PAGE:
Schiro, M., Casey, B. & Anderson, K. (2002). Tan and the shape changer. Chicago, IL: The Wright Group/ McGraw-Hill.

This description of the book is excerpted from the article written by Casey, B., Kersh, J. E., & Mercer Young, J. (2004). Storytelling sagas: An effective medium for teaching early childhood mathematics. Early Childhood Research Quarterly: Special Issue on Mathematics and Science, 19, 167-172.

"Tan and the Shape Changer increases understanding of part-whole relationships. Grandmother Wei Lung, a Chinese dragon puppet, tells about Tan, a young boy in ancient China, who carries a tabletop made by his father, a master carpenter, to the Emperor of China. Tan must carry the tabletop a long way. He grows tired and accidentally drops the tabletop, which breaks into two equal isosceles right triangles. Tan and the children discover they can reassemble the triangles to make the square tabletop. By investigating this one base shape in depth across a range of lessons, the children start to understand the mathematical properties of that shape and how it can be combined and taken apart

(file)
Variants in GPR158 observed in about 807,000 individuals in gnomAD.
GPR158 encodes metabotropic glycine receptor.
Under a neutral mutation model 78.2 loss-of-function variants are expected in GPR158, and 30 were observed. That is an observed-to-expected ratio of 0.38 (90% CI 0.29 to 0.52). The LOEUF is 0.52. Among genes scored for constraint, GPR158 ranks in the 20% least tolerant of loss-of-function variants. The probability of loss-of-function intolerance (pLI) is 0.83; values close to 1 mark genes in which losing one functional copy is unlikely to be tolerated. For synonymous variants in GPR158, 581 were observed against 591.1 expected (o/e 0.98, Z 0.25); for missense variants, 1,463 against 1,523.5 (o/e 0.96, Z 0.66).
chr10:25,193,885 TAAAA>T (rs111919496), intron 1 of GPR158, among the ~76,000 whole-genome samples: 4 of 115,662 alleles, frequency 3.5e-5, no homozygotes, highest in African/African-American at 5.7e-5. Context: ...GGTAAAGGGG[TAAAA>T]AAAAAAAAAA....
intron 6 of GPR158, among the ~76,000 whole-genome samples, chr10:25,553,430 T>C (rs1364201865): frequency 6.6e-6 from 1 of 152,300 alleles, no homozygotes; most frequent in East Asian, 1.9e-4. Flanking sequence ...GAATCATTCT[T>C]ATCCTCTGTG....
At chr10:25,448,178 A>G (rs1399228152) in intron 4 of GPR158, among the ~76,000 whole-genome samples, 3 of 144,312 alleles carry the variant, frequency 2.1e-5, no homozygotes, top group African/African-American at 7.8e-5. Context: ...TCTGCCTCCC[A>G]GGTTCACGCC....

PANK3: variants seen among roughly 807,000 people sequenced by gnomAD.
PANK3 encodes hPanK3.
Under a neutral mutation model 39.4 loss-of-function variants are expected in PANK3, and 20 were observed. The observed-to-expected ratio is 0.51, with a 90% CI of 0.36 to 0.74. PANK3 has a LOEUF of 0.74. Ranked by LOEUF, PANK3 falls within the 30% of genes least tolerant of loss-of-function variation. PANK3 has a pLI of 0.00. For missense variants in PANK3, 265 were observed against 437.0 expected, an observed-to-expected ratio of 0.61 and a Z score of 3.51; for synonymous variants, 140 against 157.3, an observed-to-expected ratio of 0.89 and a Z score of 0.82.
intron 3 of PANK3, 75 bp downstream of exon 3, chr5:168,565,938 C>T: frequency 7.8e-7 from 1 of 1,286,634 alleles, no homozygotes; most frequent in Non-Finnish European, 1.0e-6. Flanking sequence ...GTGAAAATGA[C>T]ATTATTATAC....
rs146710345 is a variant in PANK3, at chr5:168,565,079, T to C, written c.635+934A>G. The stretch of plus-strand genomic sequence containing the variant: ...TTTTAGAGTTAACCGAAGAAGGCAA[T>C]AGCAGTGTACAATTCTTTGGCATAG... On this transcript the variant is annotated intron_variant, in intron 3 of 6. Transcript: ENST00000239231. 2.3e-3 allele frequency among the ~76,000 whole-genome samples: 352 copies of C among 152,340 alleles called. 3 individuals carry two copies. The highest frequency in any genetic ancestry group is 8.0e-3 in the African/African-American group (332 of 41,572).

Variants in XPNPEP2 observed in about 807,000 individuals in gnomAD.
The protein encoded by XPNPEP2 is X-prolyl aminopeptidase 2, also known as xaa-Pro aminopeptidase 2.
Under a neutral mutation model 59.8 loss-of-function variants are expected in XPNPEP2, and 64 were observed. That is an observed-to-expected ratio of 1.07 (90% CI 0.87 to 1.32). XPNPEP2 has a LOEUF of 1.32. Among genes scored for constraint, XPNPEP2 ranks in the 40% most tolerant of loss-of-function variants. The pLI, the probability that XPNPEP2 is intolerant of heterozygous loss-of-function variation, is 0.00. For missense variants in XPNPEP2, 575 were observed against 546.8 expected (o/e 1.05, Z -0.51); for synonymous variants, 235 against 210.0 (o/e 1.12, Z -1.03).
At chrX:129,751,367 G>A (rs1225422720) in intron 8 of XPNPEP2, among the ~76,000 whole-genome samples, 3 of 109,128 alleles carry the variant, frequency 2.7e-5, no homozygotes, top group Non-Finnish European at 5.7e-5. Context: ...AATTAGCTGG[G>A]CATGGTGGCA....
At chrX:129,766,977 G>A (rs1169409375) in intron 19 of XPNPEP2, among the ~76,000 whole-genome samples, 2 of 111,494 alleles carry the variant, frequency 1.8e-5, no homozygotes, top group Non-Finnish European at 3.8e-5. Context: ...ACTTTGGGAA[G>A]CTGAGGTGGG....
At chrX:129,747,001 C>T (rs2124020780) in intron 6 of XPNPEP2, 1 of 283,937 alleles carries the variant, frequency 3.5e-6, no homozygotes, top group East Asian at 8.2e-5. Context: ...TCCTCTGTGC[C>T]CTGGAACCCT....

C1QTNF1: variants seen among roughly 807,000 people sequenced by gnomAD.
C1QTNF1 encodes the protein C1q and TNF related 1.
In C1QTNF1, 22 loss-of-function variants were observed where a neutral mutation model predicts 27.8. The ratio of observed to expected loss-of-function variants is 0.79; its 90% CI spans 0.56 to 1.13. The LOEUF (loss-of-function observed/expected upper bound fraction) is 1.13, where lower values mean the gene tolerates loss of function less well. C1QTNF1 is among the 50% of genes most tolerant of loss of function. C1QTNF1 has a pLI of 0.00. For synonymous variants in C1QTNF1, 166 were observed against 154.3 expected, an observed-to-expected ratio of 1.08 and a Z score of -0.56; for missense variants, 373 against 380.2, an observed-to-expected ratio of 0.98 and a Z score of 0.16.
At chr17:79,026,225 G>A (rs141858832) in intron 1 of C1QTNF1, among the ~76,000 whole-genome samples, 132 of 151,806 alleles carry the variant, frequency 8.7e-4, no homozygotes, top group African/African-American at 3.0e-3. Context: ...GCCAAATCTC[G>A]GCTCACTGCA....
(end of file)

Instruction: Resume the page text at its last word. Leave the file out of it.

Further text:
at increasingly higher levels of complexity. A shift comes at the end when the story moves on to solving 3-dimensional cube puzzles. As the children help Tan solve the problems in the book, they achieve the NCTM geometry standards, by investigating and predicting the results of putting together and taking apart shapes, making slides, flip, and turns with shapes, and predicting the effect of transformations on shapes."

 Comments from the classroom: "The children were incredibly motivated to master the challenge of Tan's Tri-Puzzle Hiding Game (Math Activity 3A). They became very proficient at visualizing a shape in their minds and then reproducing the shape using only their sense of touch."

 Click Here to View an Example of an Activity From Tan and the Shape Changer